Brussels (Brussels Morning) The first of a set of acts pertaining to the EU’s new data strategy was released by the Commission today. Since much of the proposal had been leaked a few weeks ago, today’s publication did not come as much of a surprise to those involved.
The aim is to enable the re-use of publicly-held data, both personal and commercial, for purposes other than that which they were initially collected for.
The use of personal data is subject to privacy rules and data protection guaranteeing individual integrity, whereas business data is safeguarded from common use if it contains trade secrets that cannot be disclosed. Some data can be ruled out from re-use if such is forbidden by sector-specific rules.
The underlying premise is that data the public sector collects in the course of its work (e.g. in healthcare) can be re-used when anonymised or used as meta-data when extracted from a big number of users (clients or patients).
The information could come from different sources — also e.g. mapping data or traffic monitoring can be used for sharing, or data from agriculture.
The re-use of data should be limited to what is necessary in order to preserve the rights and interests of others. Nor should it compromise public sector’s IT systems. Moreover, public sector bodies allowing re-use should have the technical means to ensure safe transmission of data.
”Now there is legal clarity for data sharing,” Competition Commissioner Margrethe Vestager declared in Brussels today. ”There is a benefit for the single market with access to data from different EU countries under similar conditions.
So far, it has been the lack of common tools and not the willingness to share that limits data sharing,” she clarified.
Anonymised personal data in circulation
The new EU rules will need to be further defined before being adopted. As is, they require that data must be anonymised so that the so-called data subjects (persons) cannot by identified and data containing confidential commercial information must be modified to ensure that no trade secrets are disclosed. However, data could still be tapped at source as data analysis under public supervision.
Transmission may not be allowed in all instances, but that does not necessarily prevent the use of the information. The re-user (e.g. a research body or a company) would then sign a confidentiality agreement provided the persons concerned agree to the use of their information, an arrangement the public body gathering the information is under an obligation to promote.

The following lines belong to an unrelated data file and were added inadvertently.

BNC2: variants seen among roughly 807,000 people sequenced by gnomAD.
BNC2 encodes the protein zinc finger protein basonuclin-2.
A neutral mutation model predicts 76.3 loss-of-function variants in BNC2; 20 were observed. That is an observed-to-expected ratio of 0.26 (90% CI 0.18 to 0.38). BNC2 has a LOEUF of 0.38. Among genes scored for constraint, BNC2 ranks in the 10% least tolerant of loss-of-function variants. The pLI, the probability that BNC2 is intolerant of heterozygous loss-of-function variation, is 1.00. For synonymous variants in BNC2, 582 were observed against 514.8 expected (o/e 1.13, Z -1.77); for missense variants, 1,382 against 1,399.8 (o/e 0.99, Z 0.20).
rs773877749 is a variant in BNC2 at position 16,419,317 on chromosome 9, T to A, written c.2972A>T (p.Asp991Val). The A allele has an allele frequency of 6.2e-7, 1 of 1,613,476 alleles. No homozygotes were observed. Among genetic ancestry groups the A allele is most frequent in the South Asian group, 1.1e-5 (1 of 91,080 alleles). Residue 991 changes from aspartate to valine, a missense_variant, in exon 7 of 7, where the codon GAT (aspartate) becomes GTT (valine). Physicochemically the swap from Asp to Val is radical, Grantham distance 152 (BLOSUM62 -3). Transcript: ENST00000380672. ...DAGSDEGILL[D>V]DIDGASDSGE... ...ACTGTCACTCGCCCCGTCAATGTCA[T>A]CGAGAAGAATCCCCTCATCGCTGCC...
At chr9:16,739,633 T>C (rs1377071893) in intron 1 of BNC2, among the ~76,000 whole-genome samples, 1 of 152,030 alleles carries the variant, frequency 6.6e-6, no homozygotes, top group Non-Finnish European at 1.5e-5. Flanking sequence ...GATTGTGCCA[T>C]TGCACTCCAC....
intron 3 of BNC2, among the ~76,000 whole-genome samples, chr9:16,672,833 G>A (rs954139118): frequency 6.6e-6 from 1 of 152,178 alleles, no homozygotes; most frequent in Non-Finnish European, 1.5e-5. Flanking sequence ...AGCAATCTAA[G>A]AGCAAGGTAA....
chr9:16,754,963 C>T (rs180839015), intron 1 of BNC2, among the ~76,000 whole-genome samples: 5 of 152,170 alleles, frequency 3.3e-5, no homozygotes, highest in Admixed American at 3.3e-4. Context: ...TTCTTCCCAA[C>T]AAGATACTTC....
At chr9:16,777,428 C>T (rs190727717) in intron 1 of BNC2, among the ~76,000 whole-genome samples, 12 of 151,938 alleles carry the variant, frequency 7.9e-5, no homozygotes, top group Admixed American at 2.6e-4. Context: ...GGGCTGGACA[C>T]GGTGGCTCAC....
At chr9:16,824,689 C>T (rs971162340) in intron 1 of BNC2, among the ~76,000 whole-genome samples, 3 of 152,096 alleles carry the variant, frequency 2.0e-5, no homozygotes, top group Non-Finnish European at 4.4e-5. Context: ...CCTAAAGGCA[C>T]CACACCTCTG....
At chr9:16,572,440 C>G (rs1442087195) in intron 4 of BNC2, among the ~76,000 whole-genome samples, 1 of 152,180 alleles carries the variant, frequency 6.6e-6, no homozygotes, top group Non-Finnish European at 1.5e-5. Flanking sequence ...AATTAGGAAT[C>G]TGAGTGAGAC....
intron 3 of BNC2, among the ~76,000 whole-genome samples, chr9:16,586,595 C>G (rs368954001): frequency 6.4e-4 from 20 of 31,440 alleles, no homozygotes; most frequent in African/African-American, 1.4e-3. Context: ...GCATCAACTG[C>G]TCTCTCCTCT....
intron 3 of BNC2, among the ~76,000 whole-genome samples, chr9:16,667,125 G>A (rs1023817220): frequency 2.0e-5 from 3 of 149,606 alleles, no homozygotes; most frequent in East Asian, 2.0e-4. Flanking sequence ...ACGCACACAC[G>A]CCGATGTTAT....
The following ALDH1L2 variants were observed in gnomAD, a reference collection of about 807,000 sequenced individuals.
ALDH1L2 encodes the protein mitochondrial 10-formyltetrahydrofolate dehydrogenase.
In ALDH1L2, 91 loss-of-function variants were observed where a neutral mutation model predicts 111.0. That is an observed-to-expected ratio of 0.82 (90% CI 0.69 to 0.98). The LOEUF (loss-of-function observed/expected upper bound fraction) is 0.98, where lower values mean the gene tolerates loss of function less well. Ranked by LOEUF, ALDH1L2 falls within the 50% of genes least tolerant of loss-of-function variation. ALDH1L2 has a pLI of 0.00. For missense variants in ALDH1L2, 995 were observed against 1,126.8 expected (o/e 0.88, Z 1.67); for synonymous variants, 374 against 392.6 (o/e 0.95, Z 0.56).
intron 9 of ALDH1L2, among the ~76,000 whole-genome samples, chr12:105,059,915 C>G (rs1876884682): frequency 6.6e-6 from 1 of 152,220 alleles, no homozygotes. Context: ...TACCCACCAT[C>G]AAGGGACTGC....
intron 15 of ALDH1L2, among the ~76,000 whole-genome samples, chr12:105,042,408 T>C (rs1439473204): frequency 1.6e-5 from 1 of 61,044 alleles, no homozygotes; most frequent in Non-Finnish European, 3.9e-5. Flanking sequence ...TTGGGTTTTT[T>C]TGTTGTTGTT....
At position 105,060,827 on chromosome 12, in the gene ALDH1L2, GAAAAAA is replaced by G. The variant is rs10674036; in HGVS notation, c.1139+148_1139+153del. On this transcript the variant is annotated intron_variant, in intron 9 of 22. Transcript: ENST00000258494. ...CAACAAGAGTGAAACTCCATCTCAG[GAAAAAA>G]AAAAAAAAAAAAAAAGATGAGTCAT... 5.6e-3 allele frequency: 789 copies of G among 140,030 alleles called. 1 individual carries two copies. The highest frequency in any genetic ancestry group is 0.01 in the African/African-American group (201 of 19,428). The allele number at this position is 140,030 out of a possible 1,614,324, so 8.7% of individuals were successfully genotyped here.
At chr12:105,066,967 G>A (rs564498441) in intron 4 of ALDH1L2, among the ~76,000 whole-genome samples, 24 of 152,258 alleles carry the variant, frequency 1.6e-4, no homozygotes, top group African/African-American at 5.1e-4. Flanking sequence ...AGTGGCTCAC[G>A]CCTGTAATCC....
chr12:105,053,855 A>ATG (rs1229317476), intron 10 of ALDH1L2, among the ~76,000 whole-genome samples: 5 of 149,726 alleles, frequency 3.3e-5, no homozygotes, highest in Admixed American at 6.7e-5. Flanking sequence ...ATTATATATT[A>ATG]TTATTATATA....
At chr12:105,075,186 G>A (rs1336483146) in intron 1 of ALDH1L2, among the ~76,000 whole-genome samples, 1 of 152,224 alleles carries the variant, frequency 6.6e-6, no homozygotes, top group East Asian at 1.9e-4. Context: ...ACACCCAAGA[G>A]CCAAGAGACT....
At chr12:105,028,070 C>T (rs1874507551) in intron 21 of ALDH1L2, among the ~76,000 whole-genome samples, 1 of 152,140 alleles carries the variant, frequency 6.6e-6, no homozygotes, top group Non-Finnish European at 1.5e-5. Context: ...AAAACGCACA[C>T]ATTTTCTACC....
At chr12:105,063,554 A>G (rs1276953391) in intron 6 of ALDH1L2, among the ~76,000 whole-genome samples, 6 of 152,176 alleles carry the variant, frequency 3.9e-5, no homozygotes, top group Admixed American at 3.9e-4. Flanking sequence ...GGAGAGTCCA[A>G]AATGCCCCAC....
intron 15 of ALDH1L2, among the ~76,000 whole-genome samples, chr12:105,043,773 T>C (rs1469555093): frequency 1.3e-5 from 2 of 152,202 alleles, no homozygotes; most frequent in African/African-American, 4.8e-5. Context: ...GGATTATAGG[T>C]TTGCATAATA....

Standard consent forms are encouraged as a way of making information available for the common good — ”data altruism” as it is called. The act, which has yet to be finalised, does aim at strengthening European bodies in order that they share data and use the results within a European data space.
”The most important thing is we will have data flowing,” Internal Market Commissioner Thierry Breton said in Brussels on Wednesday. ”We should decide on the rules on our own continent.”
The whole process is to be facilitated by independent intermediaries set up to share data in a neutral manner. Under a European model of collaborative sharing, data will not be monetised (only administrative fees will be charged). Data for shared use could also be collected for a group of individuals, e.g. patients that follow up on their own condition and relate that data through an intermediary for use in research.
”Data can be made available for re-use while maintaining privacy,” Commissioner Vestager said. ”We will be boosting voluntary data sharing, but this will only work if intermediaries are fully trusted.”
Data flowing under protection
Service providers should still not be able to share information for other purposes than those agreed to by legal or physical entities. The data intermediaries also serve individuals who can manage their consent to data processing and access their own data or correct their data in their own interest.
”The data intermediaries at least serve a purpose for the individual; if you, for example, need access to your own digital data, the operator can get it by acquiring permission from different sources,” says Teemu Ropponen, a Finnish member of the MyData Global community that works on the ethical use of personal data.
”This is on our part all about getting the data to flow. We work on data sovereignty and at least this proposal should favour smaller actors on the market. With a big number of small operators that work together we challenge those huge tech giants.”
The MyData network promotes a human-centric approach to personal data that combines industry needs for data with strong digital human rights. ”The data should flow but it should be protected. We are so-to-speak in favour of good data sharing,” Ropponen adds.
The Data Governance Act is the EU’s response to ensuring effective data flow and encouraging European actors on the market. Similarly, the UK is adopting its own data strategy, something that could jeopardise the trade deal with the EU.
Other acts that are part of the EU’s data strategy deal with digital services as a regulation of the online platform economy, which is due next week, and, in January, one on the use of data and data-sharing. The draft Digital Services Act is the Commission’s way of tackling the American tech giants that so far have been under investigation for abusing their dominance on the markets and for breaching anti-trust rules.
What follows next is the process of debating data governance in the European Parliament and adapting the text until its adoption as a legally binding regulation.